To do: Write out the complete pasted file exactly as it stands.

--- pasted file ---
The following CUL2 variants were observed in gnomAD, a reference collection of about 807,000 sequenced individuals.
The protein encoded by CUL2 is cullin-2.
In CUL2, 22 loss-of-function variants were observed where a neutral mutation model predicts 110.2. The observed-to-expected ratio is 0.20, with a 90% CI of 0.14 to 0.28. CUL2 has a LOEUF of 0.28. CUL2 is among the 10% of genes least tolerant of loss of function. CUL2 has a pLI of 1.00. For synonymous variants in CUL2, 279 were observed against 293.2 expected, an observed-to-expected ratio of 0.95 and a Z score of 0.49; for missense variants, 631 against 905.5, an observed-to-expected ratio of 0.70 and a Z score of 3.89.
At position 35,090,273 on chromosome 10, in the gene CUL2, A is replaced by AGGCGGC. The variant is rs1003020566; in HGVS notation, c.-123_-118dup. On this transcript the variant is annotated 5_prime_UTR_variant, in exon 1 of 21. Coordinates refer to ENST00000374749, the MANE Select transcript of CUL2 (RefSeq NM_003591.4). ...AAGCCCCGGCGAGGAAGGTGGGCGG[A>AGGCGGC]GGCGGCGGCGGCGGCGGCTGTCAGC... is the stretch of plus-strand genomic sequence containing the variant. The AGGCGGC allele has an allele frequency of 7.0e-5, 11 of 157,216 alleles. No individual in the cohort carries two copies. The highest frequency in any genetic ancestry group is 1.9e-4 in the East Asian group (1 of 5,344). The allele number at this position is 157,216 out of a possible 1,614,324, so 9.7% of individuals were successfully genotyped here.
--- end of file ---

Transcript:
The following CUL2 variants were observed in gnomAD, a reference collection of about 807,000 sequenced individuals.
The protein encoded by CUL2 is cullin-2.
In CUL2, 22 loss-of-function variants were observed where a neutral mutation model predicts 110.2. The observed-to-expected ratio is 0.20, with a 90% CI of 0.14 to 0.28. CUL2 has a LOEUF of 0.28. CUL2 is among the 10% of genes least tolerant of loss of function. CUL2 has a pLI of 1.00. For synonymous variants in CUL2, 279 were observed against 293.2 expected, an observed-to-expected ratio of 0.95 and a Z score of 0.49; for missense variants, 631 against 905.5, an observed-to-expected ratio of 0.70 and a Z score of 3.89.
At position 35,090,273 on chromosome 10, in the gene CUL2, A is replaced by AGGCGGC. The variant is rs1003020566; in HGVS notation, c.-123_-118dup. On this transcript the variant is annotated 5_prime_UTR_variant, in exon 1 of 21. Coordinates refer to ENST00000374749, the MANE Select transcript of CUL2 (RefSeq NM_003591.4). ...AAGCCCCGGCGAGGAAGGTGGGCGG[A>AGGCGGC]GGCGGCGGCGGCGGCGGCTGTCAGC... is the stretch of plus-strand genomic sequence containing the variant. The AGGCGGC allele has an allele frequency of 7.0e-5, 11 of 157,216 alleles. No individual in the cohort carries two copies. The highest frequency in any genetic ancestry group is 1.9e-4 in the East Asian group (1 of 5,344). The allele number at this position is 157,216 out of a possible 1,614,324, so 9.7% of individuals were successfully genotyped here.